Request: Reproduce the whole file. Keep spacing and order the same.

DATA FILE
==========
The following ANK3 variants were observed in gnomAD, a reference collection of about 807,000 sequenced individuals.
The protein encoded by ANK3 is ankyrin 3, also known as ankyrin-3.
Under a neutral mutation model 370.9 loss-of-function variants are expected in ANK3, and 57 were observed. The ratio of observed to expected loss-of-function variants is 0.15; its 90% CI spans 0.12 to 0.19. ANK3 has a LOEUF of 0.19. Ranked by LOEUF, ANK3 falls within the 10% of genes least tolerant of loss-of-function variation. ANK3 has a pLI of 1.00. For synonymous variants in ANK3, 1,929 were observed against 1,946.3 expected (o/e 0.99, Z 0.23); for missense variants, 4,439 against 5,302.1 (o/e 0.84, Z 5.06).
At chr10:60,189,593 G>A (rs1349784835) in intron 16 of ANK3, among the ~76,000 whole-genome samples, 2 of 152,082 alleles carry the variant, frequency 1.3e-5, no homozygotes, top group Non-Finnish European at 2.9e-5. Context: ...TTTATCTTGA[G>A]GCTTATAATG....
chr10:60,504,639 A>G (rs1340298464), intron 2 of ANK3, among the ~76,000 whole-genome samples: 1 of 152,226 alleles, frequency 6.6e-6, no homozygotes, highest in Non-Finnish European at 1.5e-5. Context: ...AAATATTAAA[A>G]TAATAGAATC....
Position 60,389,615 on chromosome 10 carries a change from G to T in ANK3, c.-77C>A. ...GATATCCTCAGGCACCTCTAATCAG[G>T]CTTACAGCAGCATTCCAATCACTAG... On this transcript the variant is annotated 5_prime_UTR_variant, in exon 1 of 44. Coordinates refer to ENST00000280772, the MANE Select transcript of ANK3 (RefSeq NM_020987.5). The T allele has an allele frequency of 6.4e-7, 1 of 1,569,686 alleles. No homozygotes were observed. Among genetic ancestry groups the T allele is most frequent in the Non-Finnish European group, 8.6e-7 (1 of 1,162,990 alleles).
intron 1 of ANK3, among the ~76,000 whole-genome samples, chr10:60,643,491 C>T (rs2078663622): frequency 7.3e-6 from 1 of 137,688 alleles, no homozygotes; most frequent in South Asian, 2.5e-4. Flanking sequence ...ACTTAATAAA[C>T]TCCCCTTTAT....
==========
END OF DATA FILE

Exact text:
The following ANK3 variants were observed in gnomAD, a reference collection of about 807,000 sequenced individuals.
The protein encoded by ANK3 is ankyrin 3, also known as ankyrin-3.
Under a neutral mutation model 370.9 loss-of-function variants are expected in ANK3, and 57 were observed. The ratio of observed to expected loss-of-function variants is 0.15; its 90% CI spans 0.12 to 0.19. ANK3 has a LOEUF of 0.19. Ranked by LOEUF, ANK3 falls within the 10% of genes least tolerant of loss-of-function variation. ANK3 has a pLI of 1.00. For synonymous variants in ANK3, 1,929 were observed against 1,946.3 expected (o/e 0.99, Z 0.23); for missense variants, 4,439 against 5,302.1 (o/e 0.84, Z 5.06).
At chr10:60,189,593 G>A (rs1349784835) in intron 16 of ANK3, among the ~76,000 whole-genome samples, 2 of 152,082 alleles carry the variant, frequency 1.3e-5, no homozygotes, top group Non-Finnish European at 2.9e-5. Context: ...TTTATCTTGA[G>A]GCTTATAATG....
chr10:60,504,639 A>G (rs1340298464), intron 2 of ANK3, among the ~76,000 whole-genome samples: 1 of 152,226 alleles, frequency 6.6e-6, no homozygotes, highest in Non-Finnish European at 1.5e-5. Context: ...AAATATTAAA[A>G]TAATAGAATC....
Position 60,389,615 on chromosome 10 carries a change from G to T in ANK3, c.-77C>A. ...GATATCCTCAGGCACCTCTAATCAG[G>T]CTTACAGCAGCATTCCAATCACTAG... On this transcript the variant is annotated 5_prime_UTR_variant, in exon 1 of 44. Coordinates refer to ENST00000280772, the MANE Select transcript of ANK3 (RefSeq NM_020987.5). The T allele has an allele frequency of 6.4e-7, 1 of 1,569,686 alleles. No homozygotes were observed. Among genetic ancestry groups the T allele is most frequent in the Non-Finnish European group, 8.6e-7 (1 of 1,162,990 alleles).
intron 1 of ANK3, among the ~76,000 whole-genome samples, chr10:60,643,491 C>T (rs2078663622): frequency 7.3e-6 from 1 of 137,688 alleles, no homozygotes; most frequent in South Asian, 2.5e-4. Flanking sequence ...ACTTAATAAA[C>T]TCCCCTTTAT....